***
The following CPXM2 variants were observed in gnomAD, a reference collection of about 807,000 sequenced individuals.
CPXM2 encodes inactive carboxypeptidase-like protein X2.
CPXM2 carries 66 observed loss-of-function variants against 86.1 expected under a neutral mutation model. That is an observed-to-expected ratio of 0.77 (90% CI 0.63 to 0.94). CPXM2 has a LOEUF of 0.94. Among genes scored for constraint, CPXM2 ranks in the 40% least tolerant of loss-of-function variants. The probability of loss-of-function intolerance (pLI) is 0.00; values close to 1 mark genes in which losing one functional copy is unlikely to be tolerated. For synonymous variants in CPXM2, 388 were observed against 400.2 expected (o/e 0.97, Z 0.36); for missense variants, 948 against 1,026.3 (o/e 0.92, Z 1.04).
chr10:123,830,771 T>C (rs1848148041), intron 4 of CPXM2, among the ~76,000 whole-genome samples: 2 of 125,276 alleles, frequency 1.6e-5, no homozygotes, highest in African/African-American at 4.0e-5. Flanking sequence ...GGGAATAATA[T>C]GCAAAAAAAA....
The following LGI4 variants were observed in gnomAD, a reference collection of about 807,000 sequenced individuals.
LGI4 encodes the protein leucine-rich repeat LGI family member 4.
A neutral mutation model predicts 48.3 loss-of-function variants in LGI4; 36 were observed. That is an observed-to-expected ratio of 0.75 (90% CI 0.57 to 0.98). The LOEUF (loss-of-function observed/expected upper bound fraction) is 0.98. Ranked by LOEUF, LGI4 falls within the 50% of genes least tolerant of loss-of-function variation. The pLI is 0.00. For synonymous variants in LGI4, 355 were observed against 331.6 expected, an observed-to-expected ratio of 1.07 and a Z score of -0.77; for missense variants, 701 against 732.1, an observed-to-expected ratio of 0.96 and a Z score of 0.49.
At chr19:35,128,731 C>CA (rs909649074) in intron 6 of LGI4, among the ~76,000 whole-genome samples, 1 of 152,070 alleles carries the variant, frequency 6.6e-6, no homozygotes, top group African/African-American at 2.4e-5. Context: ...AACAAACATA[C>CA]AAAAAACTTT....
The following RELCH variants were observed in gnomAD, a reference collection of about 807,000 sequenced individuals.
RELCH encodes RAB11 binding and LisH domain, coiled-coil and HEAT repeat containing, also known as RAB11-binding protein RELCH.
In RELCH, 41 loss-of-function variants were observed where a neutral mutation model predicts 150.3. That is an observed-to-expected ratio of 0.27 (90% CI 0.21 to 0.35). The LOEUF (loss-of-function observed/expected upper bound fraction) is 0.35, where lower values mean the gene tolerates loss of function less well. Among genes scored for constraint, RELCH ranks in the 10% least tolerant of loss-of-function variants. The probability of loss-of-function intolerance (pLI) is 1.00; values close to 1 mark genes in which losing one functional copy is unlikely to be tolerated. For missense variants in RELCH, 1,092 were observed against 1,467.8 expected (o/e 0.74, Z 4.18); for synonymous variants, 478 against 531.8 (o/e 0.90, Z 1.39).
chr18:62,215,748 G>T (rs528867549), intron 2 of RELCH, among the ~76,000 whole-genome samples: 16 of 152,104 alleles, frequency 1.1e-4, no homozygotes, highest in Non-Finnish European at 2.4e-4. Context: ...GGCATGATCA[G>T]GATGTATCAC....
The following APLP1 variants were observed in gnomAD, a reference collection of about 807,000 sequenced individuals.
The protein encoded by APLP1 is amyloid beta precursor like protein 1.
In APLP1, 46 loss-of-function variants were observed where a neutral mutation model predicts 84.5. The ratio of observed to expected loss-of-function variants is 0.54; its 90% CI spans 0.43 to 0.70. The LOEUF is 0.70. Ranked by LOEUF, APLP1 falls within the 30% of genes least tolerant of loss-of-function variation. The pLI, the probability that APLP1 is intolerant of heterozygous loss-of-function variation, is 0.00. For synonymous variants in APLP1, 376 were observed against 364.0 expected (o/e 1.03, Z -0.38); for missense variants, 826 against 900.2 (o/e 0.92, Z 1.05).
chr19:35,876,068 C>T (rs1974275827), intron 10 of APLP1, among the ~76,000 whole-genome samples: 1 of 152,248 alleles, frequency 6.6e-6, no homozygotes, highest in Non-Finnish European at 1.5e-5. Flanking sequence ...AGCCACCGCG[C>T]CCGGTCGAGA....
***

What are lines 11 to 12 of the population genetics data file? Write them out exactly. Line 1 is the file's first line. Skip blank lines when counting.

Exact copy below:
In RELCH, 41 loss-of-function variants were observed where a neutral mutation model predicts 150.3. That is an observed-to-expected ratio of 0.27 (90% CI 0.21 to 0.35). The LOEUF (loss-of-function observed/expected upper bound fraction) is 0.35, where lower values mean the gene tolerates loss of function less well. Among genes scored for constraint, RELCH ranks in the 10% least tolerant of loss-of-function variants. The probability of loss-of-function intolerance (pLI) is 1.00; values close to 1 mark genes in which losing one functional copy is unlikely to be tolerated. For missense variants in RELCH, 1,092 were observed against 1,467.8 expected (o/e 0.74, Z 4.18); for synonymous variants, 478 against 531.8 (o/e 0.90, Z 1.39).
chr18:62,215,748 G>T (rs528867549), intron 2 of RELCH, among the ~76,000 whole-genome samples: 16 of 152,104 alleles, frequency 1.1e-4, no homozygotes, highest in Non-Finnish European at 2.4e-4. Context: ...GGCATGATCA[G>T]GATGTATCAC....